I absolutely adore movie trailers. They are frequently overlooked as an art form unto themselves, and while many consider the fifteen-minute run of trailers that precede a film to be an opportune time for snack purchasing or bathroom breaks, I find it to be an integral part of the overall experience. Typically, the batch of trailers played in front of a film are acutely in line with the feature itself: ads for superhero blockbusters play before Spider-Man, those for horror/thrillers before Stephen King adaptations. Ahead of my screening for War for the Planet of the Apes (War), however, were a curious collection of indie dramas and comic book films such as Detroit, The Shape of Water, and the upcoming Kingsman sequel. I initially thought these films were haphazardly selected, but after seeing War, it’s clear that the ninth instalment of the Planet of the Apes franchise is among the rare few pictures that can unite all manner of film fans. Recent chapters in the Apes series have repeatedly delivered far beyond their mediocre marketing campaigns, but War is a particularly pleasant surprise and cements the modern Apes trilogy among the best of all time.
War is directed by Matt Reeves and concludes the story of Caesar, the first hyper-intelligent primate, and leader of the apes, as he attempts to protect his people from humanity’s new regime and struggles to choose between being a ruler and a father. It’s a deeply personal and introspective story, especially for a blockbuster in which none of the primary characters speak fluent English. This storytelling hurdle forces the filmmakers to create a highly visual cinematic experience, and War is all the better for it. There is seldom a moment of exposition, and those with a keen eye and cursory knowledge of the franchise’s history will be able to piece together the specifics of the plot long before the film explains itself. Every frame of the movie tells a story unto itself, and is lush with the series’ characteristic uncanny and eerie beauty, potentially making this the most captivating achievement in visual effects to ever hit the silver screen.
There is a saying amongst film fans which states that watching a horror movie without sound can make the film tolerable for even the most cowardly of audiences. While War is more thrilling than horrifying, it seems as though director Matt Reeves is simply showing off when he occasionally rids the film of its score, creating enthralling moments of tension without the aid of a soundtrack. In fact, much of War acts as a showcase for how incessantly brilliant the cast and crew are, yet the movie never feels like a talent show intended to highlight those involved. Rather, it is the product of an auteur’s singular vision supported by an expansive team of masterful filmmakers: the script and visuals complement each other perfectly, the cinematography is jaw-dropping, and, when present, the score accompanies the story with grace and subtlety. While Woody Harrelson is powerful in the villain role, it’s Andy Serkis as Caesar who rightfully steals the show; this is an Academy Award-worthy performance and should cement Serkis as one of the great actors of our generation.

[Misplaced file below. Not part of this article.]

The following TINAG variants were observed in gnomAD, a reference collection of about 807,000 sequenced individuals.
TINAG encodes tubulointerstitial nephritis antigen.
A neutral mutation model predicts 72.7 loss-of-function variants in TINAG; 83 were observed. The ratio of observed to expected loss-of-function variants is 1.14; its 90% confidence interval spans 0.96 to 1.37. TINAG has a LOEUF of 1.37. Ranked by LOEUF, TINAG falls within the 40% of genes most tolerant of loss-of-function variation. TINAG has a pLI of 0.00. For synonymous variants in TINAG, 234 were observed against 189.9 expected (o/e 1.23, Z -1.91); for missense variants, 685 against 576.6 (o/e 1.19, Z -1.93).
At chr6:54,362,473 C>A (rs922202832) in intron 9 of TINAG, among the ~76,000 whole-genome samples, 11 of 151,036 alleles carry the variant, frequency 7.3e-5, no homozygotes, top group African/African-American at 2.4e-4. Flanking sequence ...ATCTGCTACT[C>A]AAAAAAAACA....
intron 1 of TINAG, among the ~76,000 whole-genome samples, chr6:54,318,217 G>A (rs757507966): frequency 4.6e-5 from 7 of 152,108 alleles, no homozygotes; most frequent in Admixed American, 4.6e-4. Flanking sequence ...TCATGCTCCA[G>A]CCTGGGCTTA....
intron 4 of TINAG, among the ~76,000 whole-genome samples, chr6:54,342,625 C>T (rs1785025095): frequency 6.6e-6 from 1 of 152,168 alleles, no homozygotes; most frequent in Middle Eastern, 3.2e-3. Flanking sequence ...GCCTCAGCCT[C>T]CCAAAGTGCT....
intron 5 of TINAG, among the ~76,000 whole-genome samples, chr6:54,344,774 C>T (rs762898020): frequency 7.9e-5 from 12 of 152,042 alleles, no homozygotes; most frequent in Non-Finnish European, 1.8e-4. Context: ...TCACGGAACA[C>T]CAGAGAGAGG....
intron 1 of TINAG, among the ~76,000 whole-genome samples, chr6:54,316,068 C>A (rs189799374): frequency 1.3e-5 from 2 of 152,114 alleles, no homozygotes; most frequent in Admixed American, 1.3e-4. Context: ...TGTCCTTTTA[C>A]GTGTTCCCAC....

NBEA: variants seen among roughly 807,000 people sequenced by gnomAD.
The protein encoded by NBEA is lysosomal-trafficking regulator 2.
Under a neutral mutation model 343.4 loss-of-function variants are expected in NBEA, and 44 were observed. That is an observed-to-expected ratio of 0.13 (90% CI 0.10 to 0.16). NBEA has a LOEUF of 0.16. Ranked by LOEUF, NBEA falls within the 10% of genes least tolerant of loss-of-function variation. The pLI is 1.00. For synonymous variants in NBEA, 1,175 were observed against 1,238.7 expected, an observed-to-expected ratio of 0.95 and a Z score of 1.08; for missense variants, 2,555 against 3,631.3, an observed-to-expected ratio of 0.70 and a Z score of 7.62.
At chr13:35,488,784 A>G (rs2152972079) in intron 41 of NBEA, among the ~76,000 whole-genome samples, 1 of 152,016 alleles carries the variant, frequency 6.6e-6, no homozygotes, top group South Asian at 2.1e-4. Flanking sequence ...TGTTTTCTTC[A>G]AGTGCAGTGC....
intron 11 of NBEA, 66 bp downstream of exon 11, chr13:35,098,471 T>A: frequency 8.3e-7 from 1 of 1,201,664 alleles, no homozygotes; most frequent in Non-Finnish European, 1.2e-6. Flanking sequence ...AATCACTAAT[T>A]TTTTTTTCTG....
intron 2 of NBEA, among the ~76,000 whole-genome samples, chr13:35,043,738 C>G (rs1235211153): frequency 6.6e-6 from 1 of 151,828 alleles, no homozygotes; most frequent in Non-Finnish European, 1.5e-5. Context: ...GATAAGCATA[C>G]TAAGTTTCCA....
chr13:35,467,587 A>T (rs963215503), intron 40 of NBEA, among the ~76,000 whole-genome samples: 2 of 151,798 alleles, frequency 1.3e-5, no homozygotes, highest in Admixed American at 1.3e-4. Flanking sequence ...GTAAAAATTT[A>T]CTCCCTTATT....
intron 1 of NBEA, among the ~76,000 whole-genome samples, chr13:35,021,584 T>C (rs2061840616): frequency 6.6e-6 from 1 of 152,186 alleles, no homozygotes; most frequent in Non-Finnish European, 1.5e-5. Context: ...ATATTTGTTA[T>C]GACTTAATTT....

While scenes of major action spectacle aren’t plentiful, War is nevertheless exhilarating throughout. The popcorn flies fast as the film continuously subverts audiences’ expectations, introduces meaningful and shocking revelations, and builds characters that audiences genuinely care for. The battles are interwoven with emotion and the stakes are resultantly palpable, particularly in the finale, which proves that an explosive third act needn’t be empty of dramatic weight. While this is unmistakably a blockbuster, meaning and politics are seamlessly incorporated into the narrative in a way that isn’t distracting or invasive of audiences’ enjoyment.
War has shockingly little in the way of cons. Admittedly, it doesn’t revolution the franchise in the way that Dawn of the Planet of the Apes did back in 2014, but it progresses the narrative in a way that feels natural and satisfying. There is a comedic relief character who initially feels out of place, but viewers in my screening gradually grew fond of him as the film progressed. By the time the credits rolled, I found most of my concerns had been mitigated such that my biggest flaw with the film is the blatancy of the product placement early in the first act – a nitpick at best.
Final instalments in trilogies can often be lacklustre when compared to their predecessors. Hollywood has repeatedly proven this with films like The Godfather Part III, X-Men: The Last Stand, The Matrix Revolutions, and Spider-Man 3 marking some of the most disappointing attempts to conclude beloved franchises. Knowing this, my anticipation for War was intentionally reserved, but needlessly so, as War for the Planet of the Apes is the most riveting cinematic experience of the year, and damn near a masterpiece.
Director: Matt Reeves Starring: Andy Serkis, Woody Harrelson, Steve Zahn, Karin Konoval, Amiah Miller Distributor: 20th Century Fox Release date: July 14, 2017 (United States) Running time: 140 minutes
Check out an official War for the Planet of the Apes movie trailer